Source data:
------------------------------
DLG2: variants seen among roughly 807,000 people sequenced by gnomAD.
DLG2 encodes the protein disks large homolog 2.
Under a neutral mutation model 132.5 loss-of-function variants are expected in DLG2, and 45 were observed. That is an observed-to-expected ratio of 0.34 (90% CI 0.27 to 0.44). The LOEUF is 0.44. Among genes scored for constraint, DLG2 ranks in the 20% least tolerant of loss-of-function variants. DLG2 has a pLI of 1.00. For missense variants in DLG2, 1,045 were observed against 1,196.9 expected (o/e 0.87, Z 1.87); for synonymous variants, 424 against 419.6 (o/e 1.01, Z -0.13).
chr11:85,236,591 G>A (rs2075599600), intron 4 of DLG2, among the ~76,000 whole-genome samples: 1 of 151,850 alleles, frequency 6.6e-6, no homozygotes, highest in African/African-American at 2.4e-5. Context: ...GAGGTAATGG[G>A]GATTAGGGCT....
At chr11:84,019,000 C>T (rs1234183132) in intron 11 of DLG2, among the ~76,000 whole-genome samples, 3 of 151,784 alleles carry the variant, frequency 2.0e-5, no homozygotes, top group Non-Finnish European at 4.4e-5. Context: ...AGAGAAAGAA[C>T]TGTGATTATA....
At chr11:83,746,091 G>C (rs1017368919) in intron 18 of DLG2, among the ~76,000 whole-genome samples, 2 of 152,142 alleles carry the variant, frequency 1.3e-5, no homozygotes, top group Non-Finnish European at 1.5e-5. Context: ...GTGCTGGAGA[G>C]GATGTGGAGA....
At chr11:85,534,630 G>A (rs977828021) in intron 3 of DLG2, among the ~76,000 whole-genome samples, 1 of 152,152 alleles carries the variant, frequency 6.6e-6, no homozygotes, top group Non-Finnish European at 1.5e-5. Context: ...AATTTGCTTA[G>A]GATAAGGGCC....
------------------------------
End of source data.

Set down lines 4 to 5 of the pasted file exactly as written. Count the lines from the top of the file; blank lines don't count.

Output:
chr11:85,236,591 G>A (rs2075599600), intron 4 of DLG2, among the ~76,000 whole-genome samples: 1 of 151,850 alleles, frequency 6.6e-6, no homozygotes, highest in African/African-American at 2.4e-5. Context: ...GAGGTAATGG[G>A]GATTAGGGCT....
At chr11:84,019,000 C>T (rs1234183132) in intron 11 of DLG2, among the ~76,000 whole-genome samples, 3 of 151,784 alleles carry the variant, frequency 2.0e-5, no homozygotes, top group Non-Finnish European at 4.4e-5. Context: ...AGAGAAAGAA[C>T]TGTGATTATA....